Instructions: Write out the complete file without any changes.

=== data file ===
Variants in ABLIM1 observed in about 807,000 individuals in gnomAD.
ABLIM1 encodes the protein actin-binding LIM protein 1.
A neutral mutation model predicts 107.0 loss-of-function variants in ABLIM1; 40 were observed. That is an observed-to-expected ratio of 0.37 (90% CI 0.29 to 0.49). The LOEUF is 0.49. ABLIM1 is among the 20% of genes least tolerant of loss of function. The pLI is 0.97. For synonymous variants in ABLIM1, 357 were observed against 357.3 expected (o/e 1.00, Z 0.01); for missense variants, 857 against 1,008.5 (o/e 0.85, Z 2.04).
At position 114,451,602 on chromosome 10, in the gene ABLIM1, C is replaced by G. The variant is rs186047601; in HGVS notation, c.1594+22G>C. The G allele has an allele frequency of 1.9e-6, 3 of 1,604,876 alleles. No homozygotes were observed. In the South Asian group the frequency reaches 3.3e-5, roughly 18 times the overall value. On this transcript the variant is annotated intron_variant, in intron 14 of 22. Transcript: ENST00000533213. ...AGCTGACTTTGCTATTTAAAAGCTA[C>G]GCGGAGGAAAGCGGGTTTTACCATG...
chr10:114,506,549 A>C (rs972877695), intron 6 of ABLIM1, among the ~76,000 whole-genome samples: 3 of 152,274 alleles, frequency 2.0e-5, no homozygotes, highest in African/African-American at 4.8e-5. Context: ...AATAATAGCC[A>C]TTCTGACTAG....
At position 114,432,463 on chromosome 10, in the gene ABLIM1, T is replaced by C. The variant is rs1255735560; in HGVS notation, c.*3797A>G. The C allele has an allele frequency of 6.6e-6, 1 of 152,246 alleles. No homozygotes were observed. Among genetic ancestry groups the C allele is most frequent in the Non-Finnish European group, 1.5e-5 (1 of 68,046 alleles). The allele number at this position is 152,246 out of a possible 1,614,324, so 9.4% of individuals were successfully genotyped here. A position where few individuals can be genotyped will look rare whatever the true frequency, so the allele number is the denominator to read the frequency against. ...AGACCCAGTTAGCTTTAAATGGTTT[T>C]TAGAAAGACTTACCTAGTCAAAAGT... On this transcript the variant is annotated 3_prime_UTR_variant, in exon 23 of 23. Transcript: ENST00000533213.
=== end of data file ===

Variants in ABLIM1 observed in about 807,000 individuals in gnomAD.
ABLIM1 encodes the protein actin-binding LIM protein 1.
A neutral mutation model predicts 107.0 loss-of-function variants in ABLIM1; 40 were observed. That is an observed-to-expected ratio of 0.37 (90% CI 0.29 to 0.49). The LOEUF is 0.49. ABLIM1 is among the 20% of genes least tolerant of loss of function. The pLI is 0.97. For synonymous variants in ABLIM1, 357 were observed against 357.3 expected (o/e 1.00, Z 0.01); for missense variants, 857 against 1,008.5 (o/e 0.85, Z 2.04).
At position 114,451,602 on chromosome 10, in the gene ABLIM1, C is replaced by G. The variant is rs186047601; in HGVS notation, c.1594+22G>C. The G allele has an allele frequency of 1.9e-6, 3 of 1,604,876 alleles. No homozygotes were observed. In the South Asian group the frequency reaches 3.3e-5, roughly 18 times the overall value. On this transcript the variant is annotated intron_variant, in intron 14 of 22. Transcript: ENST00000533213. ...AGCTGACTTTGCTATTTAAAAGCTA[C>G]GCGGAGGAAAGCGGGTTTTACCATG...
chr10:114,506,549 A>C (rs972877695), intron 6 of ABLIM1, among the ~76,000 whole-genome samples: 3 of 152,274 alleles, frequency 2.0e-5, no homozygotes, highest in African/African-American at 4.8e-5. Context: ...AATAATAGCC[A>C]TTCTGACTAG....
At position 114,432,463 on chromosome 10, in the gene ABLIM1, T is replaced by C. The variant is rs1255735560; in HGVS notation, c.*3797A>G. The C allele has an allele frequency of 6.6e-6, 1 of 152,246 alleles. No homozygotes were observed. Among genetic ancestry groups the C allele is most frequent in the Non-Finnish European group, 1.5e-5 (1 of 68,046 alleles). The allele number at this position is 152,246 out of a possible 1,614,324, so 9.4% of individuals were successfully genotyped here. A position where few individuals can be genotyped will look rare whatever the true frequency, so the allele number is the denominator to read the frequency against. ...AGACCCAGTTAGCTTTAAATGGTTT[T>C]TAGAAAGACTTACCTAGTCAAAAGT... On this transcript the variant is annotated 3_prime_UTR_variant, in exon 23 of 23. Transcript: ENST00000533213.